The Challenges and Rewards of Single Parenting

The job of a single parent can be tough on everyone. On the one hand you’re called upon to trust your own knowledge and instincts in the face of a thousand decisions, great and small, that impact upon the happiness and well-being of your child – all this whilst weathering anxiety around your choices and constantly second-guessing whether they were the right ones. On the other hand you face a cultural climate that has largely been told by child psychologists, teachers, and other authorities that every child needs the love and involvement of both parents in order to be truly happy and fulfilled.

Such attitudes not only make single parenting more difficult and emotionally trying but also obscure the actual benefits that may accompany such a situation. Children may always innately long to see both of their parents together, but they don’t enjoy the bitterness and smoldering resentments that live in the house when Mom and Dad no longer know how to love each other. Clinging to an untenable relationship for the sake of the children is a misguided policy. Of course, many people find themselves single parents simply because the other parent just doesn’t care to be involved – or because he or she is too abusive and/or neglectful to be trusted with the responsibility. In either case, the presence of one loving parent in a child’s life is much better than none.

The term “single parenting” can also be applied to situations where both parents maintain an active role in the lives of their children but don’t have a working relationship with each other that’s functional enough to allow them to make joint decisions regarding those children. Here, again, you are left to your own devices. The advantage is that you get to follow your own intuitions and trust your own ideas without having to wait for anyone else’s approval. You have no one to answer to for your triumphs and your shortcomings as a parent but yourself.

Such freedom comes with a few risks and many sacrifices. Married couples, as well as unmarried people involved in co-parenting, can share the workload and offer each other opportunities to find rejuvenation. Lacking this, you’ll need to really pay attention to your overall emotional health and honor your adult needs. The better you nurture yourself, the better you’ll be able to expend the necessary energy, attention and thought on your parenting. Pay attention to the quality of your thoughts and emotions throughout the day. Are they optimistic and enthusiastic, or despairing and resentful? Frequent check-ins can help you to avoid burnout. Pursuing your adult interests can also help to replenish you – and help you avoid unhealthy dynamics at home, as well. For example, single parents who avoid partnership often feel tempted to make their children their “little confidantes” – a situation that serves neither adult nor child very well in the long run.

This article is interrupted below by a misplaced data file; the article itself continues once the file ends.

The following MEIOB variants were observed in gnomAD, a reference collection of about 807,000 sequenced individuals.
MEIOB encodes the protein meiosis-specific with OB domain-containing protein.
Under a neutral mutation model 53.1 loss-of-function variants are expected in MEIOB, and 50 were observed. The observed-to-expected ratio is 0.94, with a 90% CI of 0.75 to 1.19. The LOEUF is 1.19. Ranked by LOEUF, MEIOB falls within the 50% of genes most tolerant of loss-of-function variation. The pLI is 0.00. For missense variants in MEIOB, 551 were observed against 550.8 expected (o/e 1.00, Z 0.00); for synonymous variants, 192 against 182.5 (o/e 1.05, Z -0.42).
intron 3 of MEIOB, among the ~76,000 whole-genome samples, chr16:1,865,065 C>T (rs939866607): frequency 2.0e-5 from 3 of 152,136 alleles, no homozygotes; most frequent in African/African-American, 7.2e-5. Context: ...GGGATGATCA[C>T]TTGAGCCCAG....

Your feelings towards the other parent can also drain you and steer you away from your real priorities – your kids – if you’re not careful. Trying to “get even”, attempting to “win” your children’s love over the other, demonizing your ex or trying to undermine him or her…all of these things can sap your energies and deny your children what they long for the most: the real you.

About Seth Mullins

Seth Mullins is a modern medicine man who strives to put his innate knowledge of ancient healing arts into terms that Western minds might understand. His other interests include music and writing – the enduring practice that has always served to tie diverse elements together. He has produced two novels of metaphysical fantasy (“Song of an Untamed Land” and “Song of the Twice Born”) and written extensively about such topics as spirituality, family, parenting, nature and the arts – always stressing our ability as spiritual beings to create our own reality and overcome all the various forms of darkness in our lives.

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